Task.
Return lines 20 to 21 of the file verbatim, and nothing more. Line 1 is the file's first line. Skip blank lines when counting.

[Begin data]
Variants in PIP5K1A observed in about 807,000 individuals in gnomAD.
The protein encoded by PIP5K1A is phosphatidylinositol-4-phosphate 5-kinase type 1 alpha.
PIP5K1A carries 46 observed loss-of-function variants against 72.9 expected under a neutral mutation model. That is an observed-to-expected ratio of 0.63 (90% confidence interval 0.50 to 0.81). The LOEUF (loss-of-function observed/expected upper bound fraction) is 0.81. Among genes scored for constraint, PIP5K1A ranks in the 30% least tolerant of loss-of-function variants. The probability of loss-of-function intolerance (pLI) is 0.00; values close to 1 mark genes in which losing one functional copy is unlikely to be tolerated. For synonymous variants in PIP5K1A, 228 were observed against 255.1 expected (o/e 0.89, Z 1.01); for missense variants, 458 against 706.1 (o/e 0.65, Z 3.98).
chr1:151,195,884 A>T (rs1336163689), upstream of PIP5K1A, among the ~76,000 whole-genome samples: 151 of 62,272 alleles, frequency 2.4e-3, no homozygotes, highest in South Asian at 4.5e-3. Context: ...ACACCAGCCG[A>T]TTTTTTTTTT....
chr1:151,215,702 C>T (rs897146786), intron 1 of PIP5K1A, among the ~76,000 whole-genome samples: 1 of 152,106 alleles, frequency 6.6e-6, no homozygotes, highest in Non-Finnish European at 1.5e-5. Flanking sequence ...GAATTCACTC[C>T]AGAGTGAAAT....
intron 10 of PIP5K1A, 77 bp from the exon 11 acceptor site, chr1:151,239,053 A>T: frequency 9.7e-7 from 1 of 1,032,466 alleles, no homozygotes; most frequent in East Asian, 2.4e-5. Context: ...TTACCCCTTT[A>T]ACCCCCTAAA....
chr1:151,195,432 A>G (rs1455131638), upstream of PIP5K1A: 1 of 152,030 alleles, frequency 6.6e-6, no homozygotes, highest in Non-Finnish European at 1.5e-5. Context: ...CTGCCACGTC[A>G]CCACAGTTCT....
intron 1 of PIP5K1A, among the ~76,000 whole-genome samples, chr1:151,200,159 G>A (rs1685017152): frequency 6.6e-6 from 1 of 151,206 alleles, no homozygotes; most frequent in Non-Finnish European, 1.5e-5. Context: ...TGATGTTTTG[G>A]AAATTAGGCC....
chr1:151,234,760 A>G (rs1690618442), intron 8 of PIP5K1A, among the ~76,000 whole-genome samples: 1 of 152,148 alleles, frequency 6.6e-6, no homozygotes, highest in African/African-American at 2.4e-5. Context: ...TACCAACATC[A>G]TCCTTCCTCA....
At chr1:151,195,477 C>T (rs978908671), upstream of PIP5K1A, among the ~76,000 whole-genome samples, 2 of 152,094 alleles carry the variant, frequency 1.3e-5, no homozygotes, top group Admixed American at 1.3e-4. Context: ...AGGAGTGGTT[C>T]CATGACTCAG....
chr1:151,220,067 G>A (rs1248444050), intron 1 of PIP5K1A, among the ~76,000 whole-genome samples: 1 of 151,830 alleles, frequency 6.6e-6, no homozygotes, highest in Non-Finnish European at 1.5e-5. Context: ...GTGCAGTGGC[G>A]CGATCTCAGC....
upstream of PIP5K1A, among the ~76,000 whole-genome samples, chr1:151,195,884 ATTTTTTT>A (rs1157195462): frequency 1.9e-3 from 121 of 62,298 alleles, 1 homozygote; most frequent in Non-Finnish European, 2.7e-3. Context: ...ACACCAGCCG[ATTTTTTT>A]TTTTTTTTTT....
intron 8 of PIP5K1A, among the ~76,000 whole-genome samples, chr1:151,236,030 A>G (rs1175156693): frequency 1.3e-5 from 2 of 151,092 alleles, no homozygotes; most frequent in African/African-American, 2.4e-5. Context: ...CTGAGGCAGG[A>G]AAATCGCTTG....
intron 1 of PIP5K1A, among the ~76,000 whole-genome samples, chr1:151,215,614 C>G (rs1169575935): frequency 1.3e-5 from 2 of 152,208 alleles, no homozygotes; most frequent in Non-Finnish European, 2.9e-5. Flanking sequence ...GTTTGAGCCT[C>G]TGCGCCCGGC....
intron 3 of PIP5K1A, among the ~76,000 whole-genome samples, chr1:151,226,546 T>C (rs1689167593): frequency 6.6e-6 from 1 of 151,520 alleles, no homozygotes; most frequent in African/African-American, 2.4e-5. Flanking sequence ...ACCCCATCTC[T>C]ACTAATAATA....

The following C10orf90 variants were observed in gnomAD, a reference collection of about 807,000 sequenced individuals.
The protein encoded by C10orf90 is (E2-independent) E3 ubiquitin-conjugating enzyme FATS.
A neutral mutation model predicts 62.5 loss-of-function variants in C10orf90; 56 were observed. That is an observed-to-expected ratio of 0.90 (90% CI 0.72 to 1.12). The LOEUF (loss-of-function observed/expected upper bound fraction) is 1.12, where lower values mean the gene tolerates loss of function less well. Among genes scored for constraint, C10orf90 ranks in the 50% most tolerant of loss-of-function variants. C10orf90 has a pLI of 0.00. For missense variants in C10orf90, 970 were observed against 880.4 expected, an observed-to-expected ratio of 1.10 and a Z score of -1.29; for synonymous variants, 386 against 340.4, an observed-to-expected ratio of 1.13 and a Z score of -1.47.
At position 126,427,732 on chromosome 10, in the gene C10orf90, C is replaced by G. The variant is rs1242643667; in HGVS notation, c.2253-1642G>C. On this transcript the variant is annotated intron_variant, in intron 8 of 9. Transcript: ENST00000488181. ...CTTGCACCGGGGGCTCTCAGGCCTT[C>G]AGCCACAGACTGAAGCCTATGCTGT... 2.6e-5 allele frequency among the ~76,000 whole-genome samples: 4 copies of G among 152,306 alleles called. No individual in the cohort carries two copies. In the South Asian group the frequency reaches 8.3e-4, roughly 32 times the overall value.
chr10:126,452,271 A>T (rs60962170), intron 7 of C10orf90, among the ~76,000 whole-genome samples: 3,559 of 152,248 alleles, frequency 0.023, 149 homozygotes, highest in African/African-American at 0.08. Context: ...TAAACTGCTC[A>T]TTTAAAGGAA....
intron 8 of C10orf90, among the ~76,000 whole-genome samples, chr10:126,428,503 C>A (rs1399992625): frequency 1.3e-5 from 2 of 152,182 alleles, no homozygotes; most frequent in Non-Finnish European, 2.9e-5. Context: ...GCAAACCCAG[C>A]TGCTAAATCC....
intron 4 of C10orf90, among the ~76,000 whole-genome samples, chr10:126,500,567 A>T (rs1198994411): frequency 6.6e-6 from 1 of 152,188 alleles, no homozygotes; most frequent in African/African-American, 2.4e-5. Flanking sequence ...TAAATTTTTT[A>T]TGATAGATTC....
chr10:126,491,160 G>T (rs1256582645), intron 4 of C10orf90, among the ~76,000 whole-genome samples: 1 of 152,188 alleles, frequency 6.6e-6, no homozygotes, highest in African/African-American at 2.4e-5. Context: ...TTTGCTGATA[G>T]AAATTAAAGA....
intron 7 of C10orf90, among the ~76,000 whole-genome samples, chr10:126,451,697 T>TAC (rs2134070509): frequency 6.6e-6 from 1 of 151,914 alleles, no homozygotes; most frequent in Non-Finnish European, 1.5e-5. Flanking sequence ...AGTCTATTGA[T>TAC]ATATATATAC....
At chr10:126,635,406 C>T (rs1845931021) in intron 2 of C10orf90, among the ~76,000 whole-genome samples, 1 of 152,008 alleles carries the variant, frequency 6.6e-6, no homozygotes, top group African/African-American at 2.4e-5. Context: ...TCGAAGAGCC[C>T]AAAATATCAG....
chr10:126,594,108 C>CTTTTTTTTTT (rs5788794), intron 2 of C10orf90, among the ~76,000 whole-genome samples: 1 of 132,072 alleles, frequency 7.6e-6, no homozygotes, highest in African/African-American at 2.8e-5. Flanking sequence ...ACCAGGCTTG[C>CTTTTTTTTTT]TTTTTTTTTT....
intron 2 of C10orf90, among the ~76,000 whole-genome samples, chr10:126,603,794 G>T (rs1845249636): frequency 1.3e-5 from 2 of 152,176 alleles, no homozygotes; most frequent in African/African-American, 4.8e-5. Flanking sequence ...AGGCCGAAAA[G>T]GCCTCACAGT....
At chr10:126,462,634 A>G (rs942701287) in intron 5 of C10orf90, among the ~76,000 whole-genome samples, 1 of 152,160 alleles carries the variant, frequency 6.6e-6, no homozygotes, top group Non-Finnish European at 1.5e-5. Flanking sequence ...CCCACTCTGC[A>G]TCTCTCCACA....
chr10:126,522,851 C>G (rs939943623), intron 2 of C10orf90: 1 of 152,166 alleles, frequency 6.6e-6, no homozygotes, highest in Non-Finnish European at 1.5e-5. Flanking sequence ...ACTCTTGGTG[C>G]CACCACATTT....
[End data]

chr10:126,452,271 A>T (rs60962170), intron 7 of C10orf90, among the ~76,000 whole-genome samples: 3,559 of 152,248 alleles, frequency 0.023, 149 homozygotes, highest in African/African-American at 0.08. Context: ...TAAACTGCTC[A>T]TTTAAAGGAA....
intron 8 of C10orf90, among the ~76,000 whole-genome samples, chr10:126,428,503 C>A (rs1399992625): frequency 1.3e-5 from 2 of 152,182 alleles, no homozygotes; most frequent in Non-Finnish European, 2.9e-5. Context: ...GCAAACCCAG[C>A]TGCTAAATCC....